A Firebrand Flickers, Legal Affairs(March/April 2006) (reviewing Catharine MacKinnon, Women’s Lives, Men’s Laws (2005) and Are Women Human? and Other International Dialogues (2006)). 


“Contested Labor: Social Reproduction, Work, and Law in the Neoliberal Age”

  • Association of American Law Schools Midyear Meeting, Workshop on Next Generation Issues of Sex, Gender and the Law (June 2015).
  • Tulane Forum on Law & Inequality (November 2014)                            

“Pregnant Workers: Economic and Health Security versus Anti-stereotyping,” Family Law Scholars and Teachers Workshop (June 2015) 

Comment, Gregg Strauss, “A Positive Right to Marry,” Family Law Scholars and Teachers Workshop (June 2015).

“The Struggle for Universal Labor Protections: Labor Feminism, Market Conservatism, and Masculinity,” Labor & Working Class History Assoc. Annual Meeting (May 2015).                      

“Is Antistereotyping Neoliberal?”The Rhetoric of Reproduction Conference, Case Western Reserve University (April 2015).

“Equal by what Measure? Title VII, Labor Feminism and the Forgotten Struggle for Universal Protective Laws”

  • Columbia University 20th Century Politics and Society Workshop (March 2015)
  • University of Pennsylvania Legal History Workshop (February 2015)
  • Indiana University Maurer School of Law Faculty Workshop (January 2015)
  • Boston University Women’s Liberation Conference (March 2014)

“The Divorce Bargain: The Fathers’ Rights Movement and the Dual System of Family Law”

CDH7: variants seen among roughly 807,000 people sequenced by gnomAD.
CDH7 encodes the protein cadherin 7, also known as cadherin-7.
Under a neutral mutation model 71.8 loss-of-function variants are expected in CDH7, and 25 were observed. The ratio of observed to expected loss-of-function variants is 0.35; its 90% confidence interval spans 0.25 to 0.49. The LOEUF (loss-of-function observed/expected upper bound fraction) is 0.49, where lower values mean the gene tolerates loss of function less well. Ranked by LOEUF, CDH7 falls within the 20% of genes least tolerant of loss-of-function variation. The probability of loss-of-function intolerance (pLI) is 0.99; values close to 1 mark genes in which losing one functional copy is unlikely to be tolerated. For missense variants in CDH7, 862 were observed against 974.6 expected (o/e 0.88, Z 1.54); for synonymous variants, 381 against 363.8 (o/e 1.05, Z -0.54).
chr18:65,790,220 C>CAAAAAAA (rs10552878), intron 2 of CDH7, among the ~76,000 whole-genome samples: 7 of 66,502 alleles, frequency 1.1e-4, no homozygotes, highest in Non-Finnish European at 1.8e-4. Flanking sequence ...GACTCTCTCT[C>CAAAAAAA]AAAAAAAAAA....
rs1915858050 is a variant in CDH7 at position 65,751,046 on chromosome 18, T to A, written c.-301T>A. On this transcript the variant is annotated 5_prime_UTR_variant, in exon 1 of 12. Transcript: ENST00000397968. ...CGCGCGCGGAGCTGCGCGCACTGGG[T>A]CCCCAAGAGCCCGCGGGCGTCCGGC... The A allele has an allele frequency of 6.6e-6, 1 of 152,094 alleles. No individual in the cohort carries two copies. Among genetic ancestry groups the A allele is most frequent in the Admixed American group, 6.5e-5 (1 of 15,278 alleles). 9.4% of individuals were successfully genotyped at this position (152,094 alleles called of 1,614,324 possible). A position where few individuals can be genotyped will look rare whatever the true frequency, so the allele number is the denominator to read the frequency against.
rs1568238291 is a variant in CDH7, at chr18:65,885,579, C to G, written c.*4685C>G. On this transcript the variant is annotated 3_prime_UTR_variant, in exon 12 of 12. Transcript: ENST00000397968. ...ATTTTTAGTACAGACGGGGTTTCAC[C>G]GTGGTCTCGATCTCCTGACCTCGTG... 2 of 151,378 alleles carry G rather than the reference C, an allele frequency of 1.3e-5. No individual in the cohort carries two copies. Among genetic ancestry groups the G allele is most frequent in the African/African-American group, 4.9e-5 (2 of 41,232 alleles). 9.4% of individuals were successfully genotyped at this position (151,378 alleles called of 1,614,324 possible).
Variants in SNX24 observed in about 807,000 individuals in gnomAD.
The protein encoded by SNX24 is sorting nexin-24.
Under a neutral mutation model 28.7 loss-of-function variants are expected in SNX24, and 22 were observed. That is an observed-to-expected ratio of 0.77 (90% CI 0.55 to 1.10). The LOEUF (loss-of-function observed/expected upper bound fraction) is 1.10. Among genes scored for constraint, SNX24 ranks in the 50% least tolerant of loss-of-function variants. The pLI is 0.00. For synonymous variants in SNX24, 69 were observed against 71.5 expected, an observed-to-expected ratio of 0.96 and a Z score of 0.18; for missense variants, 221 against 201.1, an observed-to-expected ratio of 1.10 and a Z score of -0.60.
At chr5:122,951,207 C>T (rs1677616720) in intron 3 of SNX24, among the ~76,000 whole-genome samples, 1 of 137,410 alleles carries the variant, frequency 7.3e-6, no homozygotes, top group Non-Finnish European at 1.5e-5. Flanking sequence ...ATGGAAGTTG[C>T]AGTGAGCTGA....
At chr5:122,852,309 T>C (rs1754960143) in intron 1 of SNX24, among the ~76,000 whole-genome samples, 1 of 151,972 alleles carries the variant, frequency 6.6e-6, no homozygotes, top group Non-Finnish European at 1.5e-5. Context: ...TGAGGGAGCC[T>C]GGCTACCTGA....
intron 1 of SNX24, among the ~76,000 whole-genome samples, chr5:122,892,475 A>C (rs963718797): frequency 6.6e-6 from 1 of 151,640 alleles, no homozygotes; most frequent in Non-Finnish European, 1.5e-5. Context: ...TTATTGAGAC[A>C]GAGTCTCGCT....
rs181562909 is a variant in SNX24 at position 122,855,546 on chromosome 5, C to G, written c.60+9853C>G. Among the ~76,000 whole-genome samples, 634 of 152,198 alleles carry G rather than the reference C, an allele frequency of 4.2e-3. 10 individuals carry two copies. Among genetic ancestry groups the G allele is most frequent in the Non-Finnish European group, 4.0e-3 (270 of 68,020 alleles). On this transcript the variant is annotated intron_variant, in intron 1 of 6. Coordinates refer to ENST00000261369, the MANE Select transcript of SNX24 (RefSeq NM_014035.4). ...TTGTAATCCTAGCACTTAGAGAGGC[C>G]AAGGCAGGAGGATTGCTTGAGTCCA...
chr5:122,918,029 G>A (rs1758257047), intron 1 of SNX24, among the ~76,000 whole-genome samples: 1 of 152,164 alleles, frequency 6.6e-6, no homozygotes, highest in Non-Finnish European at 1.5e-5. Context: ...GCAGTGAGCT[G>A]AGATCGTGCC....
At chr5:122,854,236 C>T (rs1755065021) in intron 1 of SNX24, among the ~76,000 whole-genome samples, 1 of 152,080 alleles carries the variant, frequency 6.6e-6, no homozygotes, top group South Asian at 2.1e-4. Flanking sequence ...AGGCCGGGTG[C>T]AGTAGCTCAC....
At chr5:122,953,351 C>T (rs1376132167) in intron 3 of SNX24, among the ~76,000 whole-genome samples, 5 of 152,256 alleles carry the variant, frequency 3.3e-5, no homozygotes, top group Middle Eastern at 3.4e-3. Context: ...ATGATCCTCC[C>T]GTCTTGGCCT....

• Harry Krause Emerging Family Law Scholars Workshop, University of Illinois, College of Law (January 2015)
  • Emory University School of Law Faculty Workshop (November 2014)
  • American Society for Legal History Annual Meeting, Denver, Co (November 2014)

Panel participant, “Engendering Equality: A Conversation with Justice Ruth Bader Ginsburg and New Voices in Women’s Legal History,” American Association of Law Schools Annual Meeting, (January 2015).

“An Alliance with Libertarians in Pursuit of Abortion Rights? An Historical Perspective on Risks and Benefits,” Center for Constitutional Rights (November 2014). 

“Liberated Patriarchs: The Fathers’ Rights Movement and the Revolution in Family Law, 1964-2000”

  • Yale/Harvard/Stanford Junior Faculty Forum (June 2014)  
  • Law & Society Association Annual Meeting (June 2014) 
  • Washington University School of Law (February 2014)
  • University of Missouri School of Law (February 2014)

“Pregnant Workers on the Job: A Renewed Contest Between Distributive Justice and Anti-Stereotyping”

  • American Bar Foundation, Legal History Workshop, Chicago, IL, May 2014 

“From Sex difference to Sex Neutrality: Legal Feminism and Social Policy in the Reagan Era”

  • Organization of American Historians Annual Meeting, (April 2014)

“Strange Bedfellows at Work: Neomaternalism in the Making of Sex Discrimination Law”

  • Saint Louis University School of Law (November 2013)
  • University of South Carolina School of Law (October 2013)

“The Costs of Life: Feminism, Choice and the Debate over Pregnancy Disability Benefits, 1974-1978”               

  • Yale/Harvard/Stanford Junior Faculty Forum, Boston, MA, June 2012
  • UVA Legal History Workshop, Charlottesville, VA, April 2012